Moody’s Investors Service on Friday downgraded St. Vincent and the Grenadines’ (SVG) government bond ratings to B3 from B2 and changed the outlook to negative from stable, the second downgrade in two years.
Moody’s Investors Service provides international financial research on bonds issued by commercial and government entities and, with Standard & Poor’s and Fitch Group, is considered one of the Big Three credit rating agencies.
B1, B2, and B3 credit ratings are judged as being “speculative and a high credit risk”.
Moody’s said the government’s short-term foreign-currency and local-currency ratings are affirmed at Not Prime (NP), meaning that they do not fall within any of the prime categories — from “Aaa” to “Baa3”.
Moody’s said the key drivers of they downgrade are: external vulnerabilities have increased markedly following a strong weather-related shock in December 2013.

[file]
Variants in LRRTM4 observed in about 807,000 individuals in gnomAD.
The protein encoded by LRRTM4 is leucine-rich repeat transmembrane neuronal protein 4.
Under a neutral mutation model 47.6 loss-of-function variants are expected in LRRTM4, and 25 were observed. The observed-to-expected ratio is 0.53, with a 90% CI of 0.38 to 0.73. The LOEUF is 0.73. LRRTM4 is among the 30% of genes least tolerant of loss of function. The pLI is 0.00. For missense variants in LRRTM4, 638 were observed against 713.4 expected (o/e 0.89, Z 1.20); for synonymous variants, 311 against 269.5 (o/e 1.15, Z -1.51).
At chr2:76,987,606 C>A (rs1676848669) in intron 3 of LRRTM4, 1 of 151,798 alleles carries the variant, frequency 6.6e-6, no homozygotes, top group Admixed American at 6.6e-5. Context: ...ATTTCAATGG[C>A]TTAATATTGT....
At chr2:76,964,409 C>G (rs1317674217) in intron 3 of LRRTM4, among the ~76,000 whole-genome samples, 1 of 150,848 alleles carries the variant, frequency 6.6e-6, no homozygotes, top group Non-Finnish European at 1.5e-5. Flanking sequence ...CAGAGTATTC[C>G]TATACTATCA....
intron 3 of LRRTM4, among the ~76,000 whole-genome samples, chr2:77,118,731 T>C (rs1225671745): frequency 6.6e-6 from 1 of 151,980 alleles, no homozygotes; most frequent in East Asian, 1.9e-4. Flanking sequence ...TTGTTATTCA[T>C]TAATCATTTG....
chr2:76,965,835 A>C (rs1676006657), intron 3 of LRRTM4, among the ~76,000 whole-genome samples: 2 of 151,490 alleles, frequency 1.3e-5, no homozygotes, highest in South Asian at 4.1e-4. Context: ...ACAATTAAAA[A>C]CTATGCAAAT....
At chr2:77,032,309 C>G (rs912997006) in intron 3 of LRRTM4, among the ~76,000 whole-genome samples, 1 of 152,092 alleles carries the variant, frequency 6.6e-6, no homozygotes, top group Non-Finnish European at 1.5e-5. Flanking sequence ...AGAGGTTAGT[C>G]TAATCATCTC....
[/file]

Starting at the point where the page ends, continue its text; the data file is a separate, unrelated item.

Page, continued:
A trough system on Christmas Eve 2013 left EC$330 million in damage and loss, according to the government assessment, and EC$270 million according to the World Bank.
The credit rating agency also said that the fiscal deterioration from 2013 is set to continue in 2014, leading to weaker public debt ratios and substantial downside risks to debt sustainability.
“St. Vincent and the Grenadines’ long-term local-currency country risk ceilings, foreign currency bond ceiling, and foreign-currency bank deposit ceilings remain unchanged at Ba3. The short-term foreign currency bond and deposit ceilings remain at NP. These ceilings reflect a range of undiversifiable risks to which issuers in any jurisdiction are exposed, including economic, legal and political risks. These ceilings act as a cap on ratings that can be assigned to the foreign and local-currency obligations of entities domiciled in the country.”
In explaining the rationale for the downgrade, Moody’s said SVG’s “sovereign rating are the marked increase in external vulnerability and deterioration in external finances.
“Following the global economic crisis, St. Vincent’s sluggish economic recovery was derailed by a strong weather-related shock in December 2013. The country suffered massive damage to infrastructure, housing, and agriculture as a result of severe floods.